Kepler-47: Astronomers confirm third planet in binary star system

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Kepler-47: Astronomers confirm third planet in binary star system
Kepler-47: Astronomers confirm third planet in binary star system

Like the planet Tatooine from Star Wars, two suns — one bright, one dim and red— rise over the horizon of Kepler 47d. But unlike dry and sandy Tatooine, this planet’s surface is gassy and indistinct. The system also holds two smaller planets; one planet closer to the double suns, and one farther out. Both lack a solid surface. If you visited in a spaceship, all the planets would be easy to spot because they’re packed, along with their stars, into a space smaller than Earth’s orbit around the Sun. This week, astronomers on Earth announced that they’d only just now discovered the middle planet, making an already noteworthy system even more unique.

In fact, Kepler 47 is the only known multi-planet system orbiting a binary star. And it just solidified that place of honor by revealing a third planet hiding between the two already known planets. This tightly packed system has little in common with our solar system, and astronomers are therefore eager to learn all they can from it.

New planet creeps into view

Astronomers first spotted Kepler 47d back in 2012 using NASA’s Kepler space telescope, but the data were inconclusive. Observing a transit — when a planet passes in front of its star, causing a dip in light — requires a fair amount of luck. The planets must be perfectly aligned with their star and an Earth observer. And this one’s not quite perfect.

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“The orbital planes are pretty closely aligned but not exactly,” Jerome Orosz, the lead author of the planet’s discovery paper, tells Astronomy. “There’s a few degrees of tilt. The angle of the orbital planes is changing with time over hundreds of years.” The first time Kepler 47d crossed its star in the data it did so just barely, enough to make astronomers suspicious, but not enough to be conclusive. But as the Kepler mission continued, the orbits came more into alignment until the signal from the middle planet was unmistakable. Orosz and his team published their findings Tuesday in the Astronomical Journal.

This change in the planet’s orbit wouldn’t affect its seasons — the Earth is also constantly precessing in the same way over long periods, with relatively little impact to the planet or the life on it.

That said, the seasons and temperature ranges on all three of these weird planets are a challenging and intriguing puzzle. Astronomers have no way of knowing at this point whether the planets tilt, as Earth does, which gives us most of our seasonal changes. But as the planets and stars orbit, the amount of energy reaching each planet would change drastically, especially as each world got close to the brighter of the two stars. “Your seasonal calendars get pretty complicated,” Orosz notes. Despite these changes, the outer planet seems to reside continuously in the habitable zone of the system. And while Kepler 47c is likely a gaseous planet with no solid surface, it may have moons that could host life.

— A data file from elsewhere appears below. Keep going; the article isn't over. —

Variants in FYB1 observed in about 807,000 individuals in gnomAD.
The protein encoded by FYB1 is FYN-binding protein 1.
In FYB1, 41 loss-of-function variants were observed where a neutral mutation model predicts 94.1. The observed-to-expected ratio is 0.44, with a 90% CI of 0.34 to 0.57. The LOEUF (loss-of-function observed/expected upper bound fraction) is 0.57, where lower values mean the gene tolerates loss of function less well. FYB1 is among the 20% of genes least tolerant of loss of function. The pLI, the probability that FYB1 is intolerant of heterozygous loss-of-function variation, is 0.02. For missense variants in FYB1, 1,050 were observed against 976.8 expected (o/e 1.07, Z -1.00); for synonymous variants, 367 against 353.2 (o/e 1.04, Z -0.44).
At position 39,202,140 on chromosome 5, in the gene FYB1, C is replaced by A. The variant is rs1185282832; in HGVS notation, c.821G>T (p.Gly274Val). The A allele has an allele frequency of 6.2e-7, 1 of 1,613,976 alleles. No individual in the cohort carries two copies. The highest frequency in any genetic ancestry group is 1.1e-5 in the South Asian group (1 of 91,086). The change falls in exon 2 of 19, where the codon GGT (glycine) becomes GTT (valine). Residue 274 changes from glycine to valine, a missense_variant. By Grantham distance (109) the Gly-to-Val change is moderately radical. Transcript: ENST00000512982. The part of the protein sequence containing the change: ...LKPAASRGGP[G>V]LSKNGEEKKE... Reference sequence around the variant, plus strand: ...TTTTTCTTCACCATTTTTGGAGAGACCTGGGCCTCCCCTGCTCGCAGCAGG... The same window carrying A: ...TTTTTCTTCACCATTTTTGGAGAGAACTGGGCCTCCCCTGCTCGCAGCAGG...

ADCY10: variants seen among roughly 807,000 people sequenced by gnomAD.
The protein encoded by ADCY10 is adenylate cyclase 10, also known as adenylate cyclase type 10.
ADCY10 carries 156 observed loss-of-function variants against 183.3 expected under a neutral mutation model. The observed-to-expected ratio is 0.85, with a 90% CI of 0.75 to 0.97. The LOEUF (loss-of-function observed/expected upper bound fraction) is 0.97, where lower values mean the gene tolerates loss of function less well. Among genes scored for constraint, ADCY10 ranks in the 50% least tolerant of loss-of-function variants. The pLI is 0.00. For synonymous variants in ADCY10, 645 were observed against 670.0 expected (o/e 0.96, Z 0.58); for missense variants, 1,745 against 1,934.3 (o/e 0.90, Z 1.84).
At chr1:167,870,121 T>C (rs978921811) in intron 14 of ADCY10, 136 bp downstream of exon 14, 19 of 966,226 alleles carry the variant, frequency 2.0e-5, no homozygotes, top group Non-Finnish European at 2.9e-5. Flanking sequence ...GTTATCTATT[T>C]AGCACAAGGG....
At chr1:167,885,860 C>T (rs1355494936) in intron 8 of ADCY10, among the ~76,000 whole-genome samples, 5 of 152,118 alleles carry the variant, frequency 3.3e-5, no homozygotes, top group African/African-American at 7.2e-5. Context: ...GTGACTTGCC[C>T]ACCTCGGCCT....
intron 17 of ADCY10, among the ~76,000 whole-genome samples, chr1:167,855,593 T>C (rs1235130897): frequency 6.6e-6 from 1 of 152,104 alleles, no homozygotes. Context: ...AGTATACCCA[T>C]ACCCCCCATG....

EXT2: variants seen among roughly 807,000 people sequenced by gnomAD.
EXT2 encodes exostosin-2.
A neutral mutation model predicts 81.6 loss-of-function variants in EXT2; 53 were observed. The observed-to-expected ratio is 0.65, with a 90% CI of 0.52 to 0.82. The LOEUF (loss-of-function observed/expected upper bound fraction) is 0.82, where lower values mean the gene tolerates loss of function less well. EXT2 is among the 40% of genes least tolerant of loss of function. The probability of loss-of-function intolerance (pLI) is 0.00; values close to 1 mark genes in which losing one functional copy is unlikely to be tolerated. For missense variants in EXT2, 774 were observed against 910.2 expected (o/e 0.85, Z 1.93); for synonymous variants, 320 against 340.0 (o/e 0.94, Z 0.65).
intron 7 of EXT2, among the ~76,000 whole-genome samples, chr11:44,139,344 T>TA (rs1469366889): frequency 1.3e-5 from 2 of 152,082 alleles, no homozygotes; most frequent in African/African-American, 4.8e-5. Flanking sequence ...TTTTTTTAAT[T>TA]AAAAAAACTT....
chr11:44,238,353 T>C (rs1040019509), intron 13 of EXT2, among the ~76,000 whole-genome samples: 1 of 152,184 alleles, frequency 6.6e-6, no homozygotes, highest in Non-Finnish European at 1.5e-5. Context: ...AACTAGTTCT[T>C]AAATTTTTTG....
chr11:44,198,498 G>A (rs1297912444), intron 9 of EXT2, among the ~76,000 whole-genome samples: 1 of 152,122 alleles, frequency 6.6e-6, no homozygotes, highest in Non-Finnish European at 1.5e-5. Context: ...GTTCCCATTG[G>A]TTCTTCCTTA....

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To make things even more complicated, astronomers don’t think any of the planets could have formed on their current orbits. Instead, each would have formed farther away from their stars and then migrated in. And migration is hard on moons, as it’s easy for them to get stripped away or left behind. Planets orbiting near their stars also have a harder time holding onto their moons. “If you magically move Saturn to where Venus is, lots of the longer period satellites wouldn’t be stable,” Orosz notes. And there’s not much spare room in the Kepler 47 system to begin with.

Putting the system together

The two stars in the system – one Sun-like, one smaller and cooler – orbit each other every seven-and-a-half days. Next out is Keper 47b, which orbits every 49 days and is about three times the size of Earth. The new planet, Kepler 47d, orbits every 87 days and is 7 times the size of Earth, while the last planet, Kepler 47c, has a 303-day orbit and is 4.7 times Earth’s size.

The planets’ masses are trickier to pin down, since Kepler only saw transits, which simply reveals how broad a planet is. But because the two stars and three planets all tug on each other, scientists have some idea about their masses, and they’re all surprisingly light for their sizes. The middle planet is roughly the density of Saturn – already famously light enough to float in a bathtub – while the outermost planet is less than half that dense. “Density is important, but by itself not necessarily helpful,” Orosz says. “If it’s a Saturn mass and density, then it’s a gas giant. But if it’s Earth mass and Saturn density, that’s very different.” That would mean these planets are unlike anything in our solar system, and scientists are always excited to find something new.

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It’s still possible there are more planets lurking in the Kepler 47 system, though they’d have to be hiding farther out from the stars, which decreases the likelihood of them transiting and revealing themselves.

And while Kepler 47 remains the only multi-planet system around a binary star, that may be a trick of perception. Orosz said he wouldn’t be surprised if many of the circumbinary systems astronomers know about host other planets. Finding them will be a challenge, since most of them won’t transit. But as more observatories come online and study more systems, it’s almost guaranteed that astronomers will find more systems like Kepler 47.

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